To think I strive for happiness is a misconception  

To think I strive for happiness is a misconception. I want to be productive and work as much as I can. I want nothing besides.  

Source (German): Rudolf Steiner – GA 39 – Briefe – Band II – 1890-1925 (page 433)

Translated by Nesta Carsten-Krüger

Previously posted on May 17, 2016

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Musicality

There are people who easily identify with another individual, who relate to what the other is experiencing. They can usually also sympathize with any animal, with each beetle, with each sparrow, and be happy with whatever happens around them, or be sad together with the people they encounter who are sad. Notice how often it arises in life especially at a certain age, that a young person can be elated one moment and suddenly the next moment be intensely and extremely miserable. Some people will then say this is senseless, that it is neither here nor there! These two sorts of people exist. Of course, these qualities will be developed to a greater or lesser extent in particular cases, it may not at all be so strongly present, but the tendency will nonetheless be there.

Now the spiritual researcher considers such manifestations in the world and then comes to the following conclusion: Musical people are the ones who in a previous life found it easy to make the transition from happiness to sorrow … from sorrow to happiness, who went along easily with everything. This quality metamorphoses into the ability to be inwardly mobile and the aptitude in the inner life for rhythmic variation that generates the musical soul. By contrast, human beings who passed life by obtusely in a former life will not be musical in the next life.

Source (German): Rudolf Steiner – GA 169 – Weltwesen und Ichheit – Berlin, July 18, 1916 (page 154-155)

Translated by Nesta Carsten-Krüger

Previously posted on March 26, 2016

Happiness and joy are acts of grace 

Happiness and joy are acts of grace. A man who imagines that the happiness and joy in his karma indicate a desire on the part of the gods to single him out and place him above the others will achieve just the opposite. We must never imagine that happiness is allotted to us as a mark of favour or distinction but rather as a reason for feeling that we have been recipients of the grace outpoured by the divine spiritual beings. It is this realisation of grace which makes progress possible; the other attitude would throw us back in our development. Nobody should ever believe that joy comes to him because of special karmic privileges; he should far rather believe that it comes to him because he has no privileges.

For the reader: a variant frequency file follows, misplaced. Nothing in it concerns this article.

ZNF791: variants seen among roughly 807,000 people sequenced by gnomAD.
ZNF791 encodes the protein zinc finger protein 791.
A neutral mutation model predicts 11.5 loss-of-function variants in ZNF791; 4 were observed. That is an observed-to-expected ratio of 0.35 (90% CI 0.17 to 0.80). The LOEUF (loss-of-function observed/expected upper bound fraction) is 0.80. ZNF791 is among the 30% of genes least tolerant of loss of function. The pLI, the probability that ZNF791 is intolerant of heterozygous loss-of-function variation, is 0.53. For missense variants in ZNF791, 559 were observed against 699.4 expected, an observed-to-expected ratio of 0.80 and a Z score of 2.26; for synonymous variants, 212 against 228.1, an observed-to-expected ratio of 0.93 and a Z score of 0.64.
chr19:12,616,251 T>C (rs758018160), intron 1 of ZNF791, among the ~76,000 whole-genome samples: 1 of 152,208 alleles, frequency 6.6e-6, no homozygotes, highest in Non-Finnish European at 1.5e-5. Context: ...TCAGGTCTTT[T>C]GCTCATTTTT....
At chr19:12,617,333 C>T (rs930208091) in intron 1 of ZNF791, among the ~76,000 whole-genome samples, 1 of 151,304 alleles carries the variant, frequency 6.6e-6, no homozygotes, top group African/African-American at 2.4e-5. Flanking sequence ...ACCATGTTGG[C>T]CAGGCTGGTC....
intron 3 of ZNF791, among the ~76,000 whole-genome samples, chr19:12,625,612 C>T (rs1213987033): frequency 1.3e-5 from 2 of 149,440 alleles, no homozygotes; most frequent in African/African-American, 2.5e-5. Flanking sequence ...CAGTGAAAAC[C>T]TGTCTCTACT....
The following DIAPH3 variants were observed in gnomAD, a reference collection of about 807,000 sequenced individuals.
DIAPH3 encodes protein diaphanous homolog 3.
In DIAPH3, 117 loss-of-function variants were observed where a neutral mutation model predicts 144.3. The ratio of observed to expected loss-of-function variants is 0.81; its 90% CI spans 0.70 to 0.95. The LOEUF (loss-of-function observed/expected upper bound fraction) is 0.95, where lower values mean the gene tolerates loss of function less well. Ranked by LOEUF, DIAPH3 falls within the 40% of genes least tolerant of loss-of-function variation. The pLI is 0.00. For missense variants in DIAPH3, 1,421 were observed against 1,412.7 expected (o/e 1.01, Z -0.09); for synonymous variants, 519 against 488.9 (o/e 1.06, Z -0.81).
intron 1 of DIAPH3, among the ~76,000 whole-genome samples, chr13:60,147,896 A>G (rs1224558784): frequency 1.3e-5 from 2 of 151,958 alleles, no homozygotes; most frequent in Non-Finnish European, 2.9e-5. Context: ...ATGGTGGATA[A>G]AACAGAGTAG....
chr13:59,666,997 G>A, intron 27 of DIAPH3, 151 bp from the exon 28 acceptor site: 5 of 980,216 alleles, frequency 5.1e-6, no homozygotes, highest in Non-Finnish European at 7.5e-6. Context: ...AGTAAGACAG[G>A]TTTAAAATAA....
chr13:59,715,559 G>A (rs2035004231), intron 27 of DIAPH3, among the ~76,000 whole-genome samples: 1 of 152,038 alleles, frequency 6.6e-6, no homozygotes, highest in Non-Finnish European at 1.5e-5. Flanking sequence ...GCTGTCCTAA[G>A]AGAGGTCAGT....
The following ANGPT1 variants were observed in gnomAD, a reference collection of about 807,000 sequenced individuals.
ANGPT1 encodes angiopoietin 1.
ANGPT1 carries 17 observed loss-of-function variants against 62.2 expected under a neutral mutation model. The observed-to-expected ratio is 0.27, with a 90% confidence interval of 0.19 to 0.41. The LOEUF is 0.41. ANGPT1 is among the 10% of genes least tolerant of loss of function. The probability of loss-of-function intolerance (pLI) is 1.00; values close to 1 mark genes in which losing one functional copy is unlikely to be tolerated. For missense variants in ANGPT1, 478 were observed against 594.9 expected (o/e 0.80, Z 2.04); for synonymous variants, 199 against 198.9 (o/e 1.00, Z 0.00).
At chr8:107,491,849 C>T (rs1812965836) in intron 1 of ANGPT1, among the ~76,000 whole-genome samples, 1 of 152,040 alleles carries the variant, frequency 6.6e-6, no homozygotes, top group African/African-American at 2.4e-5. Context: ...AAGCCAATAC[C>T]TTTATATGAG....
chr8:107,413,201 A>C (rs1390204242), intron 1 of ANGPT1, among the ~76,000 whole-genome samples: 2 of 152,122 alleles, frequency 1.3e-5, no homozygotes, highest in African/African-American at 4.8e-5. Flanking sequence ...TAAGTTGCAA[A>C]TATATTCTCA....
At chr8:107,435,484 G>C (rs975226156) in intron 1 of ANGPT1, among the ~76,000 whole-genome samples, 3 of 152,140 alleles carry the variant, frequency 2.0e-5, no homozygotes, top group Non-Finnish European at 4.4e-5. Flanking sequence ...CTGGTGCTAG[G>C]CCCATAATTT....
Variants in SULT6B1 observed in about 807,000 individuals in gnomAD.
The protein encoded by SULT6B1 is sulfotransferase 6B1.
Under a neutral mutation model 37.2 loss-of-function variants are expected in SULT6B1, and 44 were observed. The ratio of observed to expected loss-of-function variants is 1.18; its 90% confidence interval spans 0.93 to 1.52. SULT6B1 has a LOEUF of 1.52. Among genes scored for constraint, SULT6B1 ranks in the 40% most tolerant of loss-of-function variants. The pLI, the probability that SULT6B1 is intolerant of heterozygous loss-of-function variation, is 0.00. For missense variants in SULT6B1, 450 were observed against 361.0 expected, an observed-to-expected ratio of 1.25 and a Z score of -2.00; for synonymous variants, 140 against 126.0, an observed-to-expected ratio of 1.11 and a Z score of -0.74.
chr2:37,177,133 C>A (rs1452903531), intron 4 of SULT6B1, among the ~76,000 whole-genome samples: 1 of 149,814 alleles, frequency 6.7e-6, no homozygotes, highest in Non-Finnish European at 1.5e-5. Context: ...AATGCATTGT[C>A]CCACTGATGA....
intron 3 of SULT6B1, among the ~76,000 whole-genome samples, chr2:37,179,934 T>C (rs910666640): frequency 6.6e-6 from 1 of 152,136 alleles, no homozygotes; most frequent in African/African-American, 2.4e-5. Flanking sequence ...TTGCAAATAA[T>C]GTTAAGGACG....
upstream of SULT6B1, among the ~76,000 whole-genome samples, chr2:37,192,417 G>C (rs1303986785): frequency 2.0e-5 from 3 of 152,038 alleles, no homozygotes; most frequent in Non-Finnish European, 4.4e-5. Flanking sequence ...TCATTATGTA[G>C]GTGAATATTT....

Joy and happiness should move us to deeds of compassion and mercy, which we shall perform more effectively than if we are suffering the pangs of sorrow. What brings us forward is the realisation that we must make ourselves worthy of grace. There is no justification for the very prevalent view that one whose life abounds in happiness has deserved it. This is the very attitude that must be avoided. Please take this as an indication so that no misunderstanding may arise.

Source: Rudolf Steiner – GA 130 – Esoteric Christianity and the Mission of Christian Rosenkreutz – IV – INTIMATE WORKINGS OF KARMA – Vienna, 9th February 1912

Translated by Dorothy S. Osmond

Previously posted on November 12, 2015

In the future no human being is to find peace in the enjoyment of happiness if others beside him are unhappy

People may shy away from the notion that Angels want to call forth in them ideals for the future, but it is so all the same. And indeed in forming these pictures the Angels work on a definite principle, namely, that in the future no human being is to find peace in the enjoyment of happiness if others beside him are unhappy. An impulse of Brotherhood in the absolute sense, unification of the human race in Brotherhood rightly understood — this is to be the governing principle of the social conditions in physical existence.

Source: Rudolf Steiner – GA 182 –The Work of the Angels In Man’s Astral Body – Zurich, 9th October, 1918

Translated by Dorothy S. Osmond & Owen Barfield

Previously posted on October 2, 2014